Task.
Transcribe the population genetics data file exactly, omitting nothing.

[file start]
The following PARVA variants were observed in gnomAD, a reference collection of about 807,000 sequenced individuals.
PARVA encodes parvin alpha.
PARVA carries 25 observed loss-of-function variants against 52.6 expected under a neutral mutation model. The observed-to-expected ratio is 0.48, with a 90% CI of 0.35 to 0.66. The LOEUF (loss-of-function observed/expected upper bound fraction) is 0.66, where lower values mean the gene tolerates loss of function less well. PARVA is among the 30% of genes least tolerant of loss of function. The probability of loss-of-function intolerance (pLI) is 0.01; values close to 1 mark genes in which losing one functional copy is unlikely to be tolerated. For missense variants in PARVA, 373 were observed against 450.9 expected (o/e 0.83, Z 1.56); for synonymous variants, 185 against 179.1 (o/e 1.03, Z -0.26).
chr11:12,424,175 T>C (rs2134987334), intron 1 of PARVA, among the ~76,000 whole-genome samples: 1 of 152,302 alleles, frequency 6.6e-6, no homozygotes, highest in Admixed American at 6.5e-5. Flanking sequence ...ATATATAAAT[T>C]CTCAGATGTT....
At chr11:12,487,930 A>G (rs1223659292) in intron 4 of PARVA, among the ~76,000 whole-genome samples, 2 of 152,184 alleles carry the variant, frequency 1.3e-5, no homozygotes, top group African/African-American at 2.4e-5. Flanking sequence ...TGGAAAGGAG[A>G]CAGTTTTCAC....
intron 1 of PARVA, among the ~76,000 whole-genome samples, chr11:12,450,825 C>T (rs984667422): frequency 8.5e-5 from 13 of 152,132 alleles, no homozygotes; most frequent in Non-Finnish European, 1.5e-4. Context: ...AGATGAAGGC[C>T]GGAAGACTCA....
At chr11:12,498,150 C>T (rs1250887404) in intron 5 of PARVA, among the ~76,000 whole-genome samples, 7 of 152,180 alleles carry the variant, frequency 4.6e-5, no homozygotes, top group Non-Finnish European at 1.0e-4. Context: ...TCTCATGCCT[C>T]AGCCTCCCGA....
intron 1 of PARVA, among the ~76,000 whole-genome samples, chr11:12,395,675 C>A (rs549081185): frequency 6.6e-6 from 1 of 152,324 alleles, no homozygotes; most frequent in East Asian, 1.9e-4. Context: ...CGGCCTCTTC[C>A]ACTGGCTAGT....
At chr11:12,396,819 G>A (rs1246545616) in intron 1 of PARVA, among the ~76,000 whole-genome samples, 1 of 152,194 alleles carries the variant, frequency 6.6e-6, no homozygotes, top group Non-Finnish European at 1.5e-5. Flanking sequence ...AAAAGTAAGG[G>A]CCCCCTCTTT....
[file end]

The following PARVA variants were observed in gnomAD, a reference collection of about 807,000 sequenced individuals.
PARVA encodes parvin alpha.
PARVA carries 25 observed loss-of-function variants against 52.6 expected under a neutral mutation model. The observed-to-expected ratio is 0.48, with a 90% CI of 0.35 to 0.66. The LOEUF (loss-of-function observed/expected upper bound fraction) is 0.66, where lower values mean the gene tolerates loss of function less well. PARVA is among the 30% of genes least tolerant of loss of function. The probability of loss-of-function intolerance (pLI) is 0.01; values close to 1 mark genes in which losing one functional copy is unlikely to be tolerated. For missense variants in PARVA, 373 were observed against 450.9 expected (o/e 0.83, Z 1.56); for synonymous variants, 185 against 179.1 (o/e 1.03, Z -0.26).
chr11:12,424,175 T>C (rs2134987334), intron 1 of PARVA, among the ~76,000 whole-genome samples: 1 of 152,302 alleles, frequency 6.6e-6, no homozygotes, highest in Admixed American at 6.5e-5. Flanking sequence ...ATATATAAAT[T>C]CTCAGATGTT....
At chr11:12,487,930 A>G (rs1223659292) in intron 4 of PARVA, among the ~76,000 whole-genome samples, 2 of 152,184 alleles carry the variant, frequency 1.3e-5, no homozygotes, top group African/African-American at 2.4e-5. Flanking sequence ...TGGAAAGGAG[A>G]CAGTTTTCAC....
intron 1 of PARVA, among the ~76,000 whole-genome samples, chr11:12,450,825 C>T (rs984667422): frequency 8.5e-5 from 13 of 152,132 alleles, no homozygotes; most frequent in Non-Finnish European, 1.5e-4. Context: ...AGATGAAGGC[C>T]GGAAGACTCA....
At chr11:12,498,150 C>T (rs1250887404) in intron 5 of PARVA, among the ~76,000 whole-genome samples, 7 of 152,180 alleles carry the variant, frequency 4.6e-5, no homozygotes, top group Non-Finnish European at 1.0e-4. Context: ...TCTCATGCCT[C>T]AGCCTCCCGA....
intron 1 of PARVA, among the ~76,000 whole-genome samples, chr11:12,395,675 C>A (rs549081185): frequency 6.6e-6 from 1 of 152,324 alleles, no homozygotes; most frequent in East Asian, 1.9e-4. Context: ...CGGCCTCTTC[C>A]ACTGGCTAGT....
At chr11:12,396,819 G>A (rs1246545616) in intron 1 of PARVA, among the ~76,000 whole-genome samples, 1 of 152,194 alleles carries the variant, frequency 6.6e-6, no homozygotes, top group Non-Finnish European at 1.5e-5. Flanking sequence ...AAAAGTAAGG[G>A]CCCCCTCTTT....